How does Michigan State get points against Syracuse's two-three zone? The Only Colors has a pretty decent idea: "[...] The big-picture key is to find the right balance between (1) showing enough patience to get a clean look at the basket without forcing the ball into a position that's vulnerable to trapping (i.e., the corners) while (2) being aggressive enough with the ball to 'make the zone work.' Doing those things will require a full team effort, but two players have skills that will be of particular use. Durrell Summers' ability to elevate on his jumpshot can turn a marginal 3-point look into a clean one. MSU can't afford for him to have a prolonged shooting slump in this game. Draymond Green, meanwhile, will be the guy trying to break the zone down from the high post, making passes over/through/under the lengthy Orange defenders. MSU was at its best Saturday vs. Bowling Green's (obviously less formidable) 2-3 defense when Green was distributing the ball from the key area."
On the other side, Syracuse fans are eager to find out just how good -- if they are indeed good -- this 8-0 team really is: "The Syracuse Orange are 8-0 but it doesn't take a Jim Boeheim Press Conference snide comment to know they're not exactly wowing the nation. A quick look at the AP rankings shows you that opinions vary when it comes to the Orange, who have struggled in almost every game they've played so far this season. A lot of SU fans don't feel like we know this team's potential yet. Or worse, they fear that we DO know this team's potential, or lack thereof. Fans will have a much clearer idea of where their Orange stand after Tuesday night's bigtime showdown with the Michigan State Spartans at Madison Square Garden."
Ahead of their matchup with Memphis, the Kansas fans at Rock Chalk Talk are suitably pleased with Kansas' offensive ability, but there is slight concern about the team's ability to shoot from deep: "If you had to nitpick, the biggest concern on the offensive end has to continue to be the outside shooting. It's improved since the very early going and honestly Kansas has done a fairly decent job ranking 32nd in the nation in this category from a percentage standpoint, but it's the volume that might lead to the conclusion that Kansas has very few weapons in this are. Right now through seven games the Jayhawks sit roughly 20-25 made baskets below the totals for most major players in the top 25 in terms of three point attempts. Now I'm not suggesting anyone start launching threes at the expense of passing the ball inside to the Morris twins for an easy two, but the stat would seem to suggest that Kansas is passing up open looks during the course of the contest. [...] It may never become a problem if the inside game continues to carry the load, but one does have to wonder if teams will slowly start to pack it in and force others in the Jayhawk backcourt to shoot."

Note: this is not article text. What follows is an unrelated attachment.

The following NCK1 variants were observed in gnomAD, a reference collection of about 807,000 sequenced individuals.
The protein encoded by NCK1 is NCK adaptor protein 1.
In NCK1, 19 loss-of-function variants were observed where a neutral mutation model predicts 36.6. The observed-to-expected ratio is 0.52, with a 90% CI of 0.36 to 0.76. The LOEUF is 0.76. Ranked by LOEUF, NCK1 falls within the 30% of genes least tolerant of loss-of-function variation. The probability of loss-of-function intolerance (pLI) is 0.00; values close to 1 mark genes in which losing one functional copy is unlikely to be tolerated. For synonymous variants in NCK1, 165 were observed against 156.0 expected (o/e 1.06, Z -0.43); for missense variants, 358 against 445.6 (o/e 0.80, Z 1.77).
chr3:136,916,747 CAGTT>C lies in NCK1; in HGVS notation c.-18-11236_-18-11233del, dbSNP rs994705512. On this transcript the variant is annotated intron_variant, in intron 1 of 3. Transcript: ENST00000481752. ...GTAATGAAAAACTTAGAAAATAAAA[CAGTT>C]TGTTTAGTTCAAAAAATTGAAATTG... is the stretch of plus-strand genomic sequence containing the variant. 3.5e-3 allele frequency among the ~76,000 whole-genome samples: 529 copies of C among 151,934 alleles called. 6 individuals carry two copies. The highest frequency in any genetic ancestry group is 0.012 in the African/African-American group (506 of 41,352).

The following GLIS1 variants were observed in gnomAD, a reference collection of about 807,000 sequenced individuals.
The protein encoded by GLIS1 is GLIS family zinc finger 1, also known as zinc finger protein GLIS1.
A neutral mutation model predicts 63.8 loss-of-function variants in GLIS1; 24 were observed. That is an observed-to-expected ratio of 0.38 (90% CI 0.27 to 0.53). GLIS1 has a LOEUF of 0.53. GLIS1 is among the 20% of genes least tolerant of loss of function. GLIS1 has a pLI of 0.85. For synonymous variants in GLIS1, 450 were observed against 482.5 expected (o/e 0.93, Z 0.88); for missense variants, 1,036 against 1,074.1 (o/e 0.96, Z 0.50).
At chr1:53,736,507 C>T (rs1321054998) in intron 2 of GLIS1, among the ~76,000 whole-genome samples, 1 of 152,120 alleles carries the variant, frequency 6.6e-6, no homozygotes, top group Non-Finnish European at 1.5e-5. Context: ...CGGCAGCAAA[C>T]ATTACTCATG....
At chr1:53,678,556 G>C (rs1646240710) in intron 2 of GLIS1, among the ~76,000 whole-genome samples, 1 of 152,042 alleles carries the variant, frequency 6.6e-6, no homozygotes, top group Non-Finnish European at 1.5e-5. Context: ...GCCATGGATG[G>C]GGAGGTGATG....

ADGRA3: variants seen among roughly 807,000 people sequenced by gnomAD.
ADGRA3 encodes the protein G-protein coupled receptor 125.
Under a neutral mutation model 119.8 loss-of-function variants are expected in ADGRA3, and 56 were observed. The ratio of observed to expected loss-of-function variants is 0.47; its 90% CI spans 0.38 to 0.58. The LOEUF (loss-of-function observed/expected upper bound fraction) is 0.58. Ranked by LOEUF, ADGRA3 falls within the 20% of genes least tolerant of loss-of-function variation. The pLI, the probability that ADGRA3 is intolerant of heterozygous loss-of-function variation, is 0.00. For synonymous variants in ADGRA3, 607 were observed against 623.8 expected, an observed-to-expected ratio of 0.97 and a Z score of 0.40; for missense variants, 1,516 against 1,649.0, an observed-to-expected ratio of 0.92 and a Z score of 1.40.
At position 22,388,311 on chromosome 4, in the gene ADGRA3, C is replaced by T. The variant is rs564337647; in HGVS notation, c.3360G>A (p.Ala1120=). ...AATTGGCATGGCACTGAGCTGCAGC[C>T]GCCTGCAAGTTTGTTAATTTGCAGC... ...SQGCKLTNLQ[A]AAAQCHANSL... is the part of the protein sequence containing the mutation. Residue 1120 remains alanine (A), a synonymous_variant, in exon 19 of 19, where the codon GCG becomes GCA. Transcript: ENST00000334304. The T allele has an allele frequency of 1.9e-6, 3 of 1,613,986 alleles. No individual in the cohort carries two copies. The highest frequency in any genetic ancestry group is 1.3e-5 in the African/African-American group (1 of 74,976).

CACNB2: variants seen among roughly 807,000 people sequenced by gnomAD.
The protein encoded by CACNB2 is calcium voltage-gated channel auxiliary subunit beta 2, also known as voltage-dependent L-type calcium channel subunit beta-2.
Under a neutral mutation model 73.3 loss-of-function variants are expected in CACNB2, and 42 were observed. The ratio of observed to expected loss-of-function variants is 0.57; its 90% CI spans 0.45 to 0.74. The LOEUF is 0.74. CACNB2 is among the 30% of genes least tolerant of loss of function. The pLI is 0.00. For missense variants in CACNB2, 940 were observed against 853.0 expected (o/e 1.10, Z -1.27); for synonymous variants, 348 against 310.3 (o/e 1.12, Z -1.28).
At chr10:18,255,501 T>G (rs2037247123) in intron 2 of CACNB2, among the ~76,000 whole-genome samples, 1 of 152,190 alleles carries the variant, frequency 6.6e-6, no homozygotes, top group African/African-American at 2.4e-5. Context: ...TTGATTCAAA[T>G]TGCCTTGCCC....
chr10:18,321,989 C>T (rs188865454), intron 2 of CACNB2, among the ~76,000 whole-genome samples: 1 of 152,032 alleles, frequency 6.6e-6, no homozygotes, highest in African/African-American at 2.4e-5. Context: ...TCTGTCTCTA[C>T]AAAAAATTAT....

The Memphis Tigers did some sightseeing after they arrived in New York City this weekend, but beginning Monday morning, coach Josh Pastner was all business, according to the Memphis Commercial-Appeal: "Starting (Monday) morning, it's straight business trip," said Tigers coach Josh Pastner. "This is a businesslike mentality, because you know why?" Pastner said. "After this game, our next game, Austin Peay, is just as important. Then after that, it's Texas A&M-Corpus Christi. Then you've got Georgetown. In college basketball, there's not one game more important than the other unless you're in the NCAA Tournament, when it's one and done."
Why should Butler fans take heart? Because their team isn't looking all that different production-wise than last year's squad. And, in the meantime, providing a blueprint for other mid-major teams facing huge monetary imbalances. The answer? Cherish the rock. From Kyle Whelliston: "The key gap between mid-majors and the power elite is, unsurprisingly, money. Duke, for instance, spends $13.9 million on its men’s basketball operations (as per the U.S. Department of Postsecondary Education), while Butler spends $1.7 million annually. One way that a team like the Bulldogs can narrow that gap, and avoid from getting beaten elevenfold on the court, is to enter the currency exchange market. The rebound and the turnover have had floating values since long before the gold standard was abolished, and as colleague John Gasaway noted in a fine essay in this year’s dead-tree Prospectus, the “Incredible Shrinking Turnover” costs major-conference teams 1.28 points per incidence, on average. For small-conference teams who can’t really afford boards, reverse-hoarding turnovers is just good economic sense."